Have You Been Slimed?
How to get slug slime off your hands

By Marion Owen, Fearless Weeder for PlanTea, Inc. and
Co-author of Chicken Soup for the Gardener's Soul


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One day, while I was out in the garden, I heard the phone ring. I ducked into the basement to answer it.

"Marion, my daughter's been squishing slugs all morning and I can't get the slime off her hands. I've tried everything!" In the background I could hear small, muffled whimpers.

When it comes to handling slugs, I'm a glove person myself. But it doesn't change the fact that making contact with slug slime is like connecting with Super Glue, though it's two steps higher on the gross scale.

Back to the frantic mom. "Wash her hands with powdered Boraxo Soap," I told her. Fifteen minutes later, the phone rang with happy news. "It worked!"

During the gardening season, not a day goes by when I don't deal with slugs in some way. Even non-gardeners can get into the act. For example, here's a quiz you can try on your friends:

What animal smells with its body,
has more teeth than a shark,
and can glide without difficulty over glass shards,
propelled by the rhythmic contractions
of a single muscular foot?

If you need more clues, offer these: Its blood is green, and while other animals wrap themselves in fur, feathers or scales, this animal protects its body with a layer of slime.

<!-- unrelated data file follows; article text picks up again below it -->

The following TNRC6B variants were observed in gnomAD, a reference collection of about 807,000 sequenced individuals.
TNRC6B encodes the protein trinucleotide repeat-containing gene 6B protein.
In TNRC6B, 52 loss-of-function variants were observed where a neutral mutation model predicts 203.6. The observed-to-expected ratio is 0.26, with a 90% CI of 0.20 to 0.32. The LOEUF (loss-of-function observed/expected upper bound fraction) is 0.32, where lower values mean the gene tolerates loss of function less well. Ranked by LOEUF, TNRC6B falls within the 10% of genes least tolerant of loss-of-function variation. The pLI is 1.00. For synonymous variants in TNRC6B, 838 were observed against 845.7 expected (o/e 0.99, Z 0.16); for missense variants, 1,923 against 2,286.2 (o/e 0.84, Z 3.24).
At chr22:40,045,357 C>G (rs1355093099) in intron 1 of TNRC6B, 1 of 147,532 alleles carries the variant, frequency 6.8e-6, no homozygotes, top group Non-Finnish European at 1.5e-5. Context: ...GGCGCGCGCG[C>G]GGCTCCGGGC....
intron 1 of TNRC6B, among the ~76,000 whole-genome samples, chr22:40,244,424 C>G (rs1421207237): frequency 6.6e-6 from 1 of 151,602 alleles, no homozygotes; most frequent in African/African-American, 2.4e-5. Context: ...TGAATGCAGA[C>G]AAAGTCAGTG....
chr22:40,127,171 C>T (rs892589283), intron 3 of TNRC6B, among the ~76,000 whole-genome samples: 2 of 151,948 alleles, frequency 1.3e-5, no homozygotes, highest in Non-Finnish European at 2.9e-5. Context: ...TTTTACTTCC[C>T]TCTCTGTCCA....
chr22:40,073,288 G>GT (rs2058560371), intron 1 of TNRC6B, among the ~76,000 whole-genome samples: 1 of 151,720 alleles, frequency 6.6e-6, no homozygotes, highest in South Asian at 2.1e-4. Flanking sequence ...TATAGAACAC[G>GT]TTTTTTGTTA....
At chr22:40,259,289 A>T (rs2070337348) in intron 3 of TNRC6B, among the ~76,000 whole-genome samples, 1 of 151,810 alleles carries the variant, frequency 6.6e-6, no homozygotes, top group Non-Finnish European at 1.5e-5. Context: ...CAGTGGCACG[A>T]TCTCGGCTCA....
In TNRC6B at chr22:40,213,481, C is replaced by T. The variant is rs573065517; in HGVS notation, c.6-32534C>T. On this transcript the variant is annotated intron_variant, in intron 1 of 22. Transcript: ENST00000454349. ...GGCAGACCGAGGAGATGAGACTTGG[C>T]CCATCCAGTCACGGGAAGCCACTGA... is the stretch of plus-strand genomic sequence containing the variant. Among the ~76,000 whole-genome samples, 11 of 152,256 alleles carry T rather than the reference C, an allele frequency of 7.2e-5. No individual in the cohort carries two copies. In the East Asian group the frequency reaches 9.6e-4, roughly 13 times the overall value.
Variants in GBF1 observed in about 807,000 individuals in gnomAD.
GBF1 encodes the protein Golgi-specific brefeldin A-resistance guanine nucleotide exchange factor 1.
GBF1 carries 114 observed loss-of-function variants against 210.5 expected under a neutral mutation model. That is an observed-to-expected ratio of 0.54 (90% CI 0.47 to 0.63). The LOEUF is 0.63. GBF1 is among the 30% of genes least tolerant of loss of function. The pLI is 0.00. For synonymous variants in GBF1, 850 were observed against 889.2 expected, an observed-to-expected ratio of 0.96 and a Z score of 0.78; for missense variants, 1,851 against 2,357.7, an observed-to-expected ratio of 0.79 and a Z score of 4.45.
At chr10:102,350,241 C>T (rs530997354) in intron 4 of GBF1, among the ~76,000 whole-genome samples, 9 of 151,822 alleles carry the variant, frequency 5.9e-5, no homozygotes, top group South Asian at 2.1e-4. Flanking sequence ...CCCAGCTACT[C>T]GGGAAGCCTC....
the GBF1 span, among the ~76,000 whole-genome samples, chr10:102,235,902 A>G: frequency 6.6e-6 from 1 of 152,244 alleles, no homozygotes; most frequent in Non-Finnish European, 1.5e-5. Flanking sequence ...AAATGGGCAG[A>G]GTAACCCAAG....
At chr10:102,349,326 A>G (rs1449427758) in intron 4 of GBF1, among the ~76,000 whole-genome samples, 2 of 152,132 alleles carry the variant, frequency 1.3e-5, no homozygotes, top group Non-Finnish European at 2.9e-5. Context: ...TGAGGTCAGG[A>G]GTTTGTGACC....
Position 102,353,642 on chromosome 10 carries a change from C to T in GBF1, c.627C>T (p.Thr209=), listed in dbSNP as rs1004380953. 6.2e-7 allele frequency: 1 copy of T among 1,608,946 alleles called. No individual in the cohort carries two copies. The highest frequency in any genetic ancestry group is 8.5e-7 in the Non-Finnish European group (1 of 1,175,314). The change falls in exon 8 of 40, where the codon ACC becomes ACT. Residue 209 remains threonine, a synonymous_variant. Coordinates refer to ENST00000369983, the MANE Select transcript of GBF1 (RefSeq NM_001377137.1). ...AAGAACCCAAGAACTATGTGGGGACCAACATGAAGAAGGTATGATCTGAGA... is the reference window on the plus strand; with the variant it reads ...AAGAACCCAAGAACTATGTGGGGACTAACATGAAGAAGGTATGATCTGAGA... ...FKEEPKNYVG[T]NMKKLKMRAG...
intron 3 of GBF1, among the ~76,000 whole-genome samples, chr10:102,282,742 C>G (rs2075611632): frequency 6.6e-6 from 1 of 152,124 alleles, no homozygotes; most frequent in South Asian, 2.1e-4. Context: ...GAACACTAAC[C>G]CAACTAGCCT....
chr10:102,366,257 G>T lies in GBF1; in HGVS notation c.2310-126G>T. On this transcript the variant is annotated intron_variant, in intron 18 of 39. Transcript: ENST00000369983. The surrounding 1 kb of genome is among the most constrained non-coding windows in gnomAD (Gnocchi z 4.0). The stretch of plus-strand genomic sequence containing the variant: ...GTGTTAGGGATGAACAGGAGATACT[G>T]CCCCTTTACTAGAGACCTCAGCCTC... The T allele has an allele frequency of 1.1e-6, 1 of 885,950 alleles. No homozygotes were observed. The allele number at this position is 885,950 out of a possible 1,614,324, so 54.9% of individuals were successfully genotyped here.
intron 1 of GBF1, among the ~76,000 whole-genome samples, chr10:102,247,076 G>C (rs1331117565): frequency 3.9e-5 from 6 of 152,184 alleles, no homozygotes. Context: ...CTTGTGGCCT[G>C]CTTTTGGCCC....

About that slime, you may (or may not!) find it interesting that slug mucus absorbs water, which helps prevent dehydration--a serious threat to a creature with no hard shell or other protective covering. This is one reason that slug slime is nearly impossible to wash off. Rubbing your hands under running water only makes things worse. In addition to using Boraxo, rub your hands together in much the same way you'd remove rubber cement. The slime can be rolled into a ball and thrown away.

Land snails used to live in the ocean, but moved ashore. Since nobody told them otherwise, they expected the land to be as wet as the water. We all make mistakes. -- Will Cuppy, How to Attract the Wombat

So why would you want to even handle a slug? Well, one of the best ways to get rid of slugs, it to pick them. (NOTE: It is been suggested that for each slug captured by a gardener, another 20 go undetected!) Picking slugs means to physically remove them from the premises. The prime objective here is not to get over squeamish tendencies, but to reduce the breeding population. Fewer adults means fewer offspring. Got it?

Prime picking time is early in the morning, in the cool of the evening or anytime it's drizzly, foggy or raining. Arm yourself with chopsticks, spoons, fingers, forks, pinchers, tongs, long tweezers, scissors, pencil, trowels, backhoes, gloves--whatever it takes.

Plop any captives into a jar filled with soapy water, which will prevent them from slipping over the top. For added measure, use a jar with a screw top, as it's been reported that slugs can push with sufficient force to pop the lid off a yogurt container. Now what you do with the slugs after capturing them is up to you!

Slugs don't like lattes! To learn about chemical and nontoxic slug and snail baits, click here.

Of course, slug traps offer another passive approach to pest control. One time-honored device is the beer trap. Use your imagination: Lure slugs with grapefruit rinds, boards, melon rinds, overturned flower pots...

And keep the Boraxo Soap handy!

Oh, one more thing. For a fascinating booklet that's fit to display on any gardener's coffee table, check out The Western Society of Malacologists Field Guide to the Slug, published by Sasquatch Books.

Happy sliming!

Thanks for visiting and please stop by again. I'll put the coffee on!

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